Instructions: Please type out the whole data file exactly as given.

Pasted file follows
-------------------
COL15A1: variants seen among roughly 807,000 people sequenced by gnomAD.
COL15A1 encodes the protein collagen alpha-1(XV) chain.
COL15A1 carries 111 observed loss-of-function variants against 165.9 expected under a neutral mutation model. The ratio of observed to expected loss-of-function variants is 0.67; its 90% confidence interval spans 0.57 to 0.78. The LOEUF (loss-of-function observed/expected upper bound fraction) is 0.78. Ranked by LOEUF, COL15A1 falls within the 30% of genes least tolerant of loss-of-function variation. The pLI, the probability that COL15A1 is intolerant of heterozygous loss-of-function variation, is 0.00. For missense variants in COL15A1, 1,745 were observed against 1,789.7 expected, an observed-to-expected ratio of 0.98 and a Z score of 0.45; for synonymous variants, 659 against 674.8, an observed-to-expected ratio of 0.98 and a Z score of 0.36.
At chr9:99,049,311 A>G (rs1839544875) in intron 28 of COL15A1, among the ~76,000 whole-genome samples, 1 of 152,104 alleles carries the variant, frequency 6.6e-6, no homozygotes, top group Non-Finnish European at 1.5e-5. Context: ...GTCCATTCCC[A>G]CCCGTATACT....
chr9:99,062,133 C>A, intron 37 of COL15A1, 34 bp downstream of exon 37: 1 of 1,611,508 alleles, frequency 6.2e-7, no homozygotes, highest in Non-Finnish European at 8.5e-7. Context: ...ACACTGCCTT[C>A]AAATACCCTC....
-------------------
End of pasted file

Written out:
COL15A1: variants seen among roughly 807,000 people sequenced by gnomAD.
COL15A1 encodes the protein collagen alpha-1(XV) chain.
COL15A1 carries 111 observed loss-of-function variants against 165.9 expected under a neutral mutation model. The ratio of observed to expected loss-of-function variants is 0.67; its 90% confidence interval spans 0.57 to 0.78. The LOEUF (loss-of-function observed/expected upper bound fraction) is 0.78. Ranked by LOEUF, COL15A1 falls within the 30% of genes least tolerant of loss-of-function variation. The pLI, the probability that COL15A1 is intolerant of heterozygous loss-of-function variation, is 0.00. For missense variants in COL15A1, 1,745 were observed against 1,789.7 expected, an observed-to-expected ratio of 0.98 and a Z score of 0.45; for synonymous variants, 659 against 674.8, an observed-to-expected ratio of 0.98 and a Z score of 0.36.
At chr9:99,049,311 A>G (rs1839544875) in intron 28 of COL15A1, among the ~76,000 whole-genome samples, 1 of 152,104 alleles carries the variant, frequency 6.6e-6, no homozygotes, top group Non-Finnish European at 1.5e-5. Context: ...GTCCATTCCC[A>G]CCCGTATACT....
chr9:99,062,133 C>A, intron 37 of COL15A1, 34 bp downstream of exon 37: 1 of 1,611,508 alleles, frequency 6.2e-7, no homozygotes, highest in Non-Finnish European at 8.5e-7. Context: ...ACACTGCCTT[C>A]AAATACCCTC....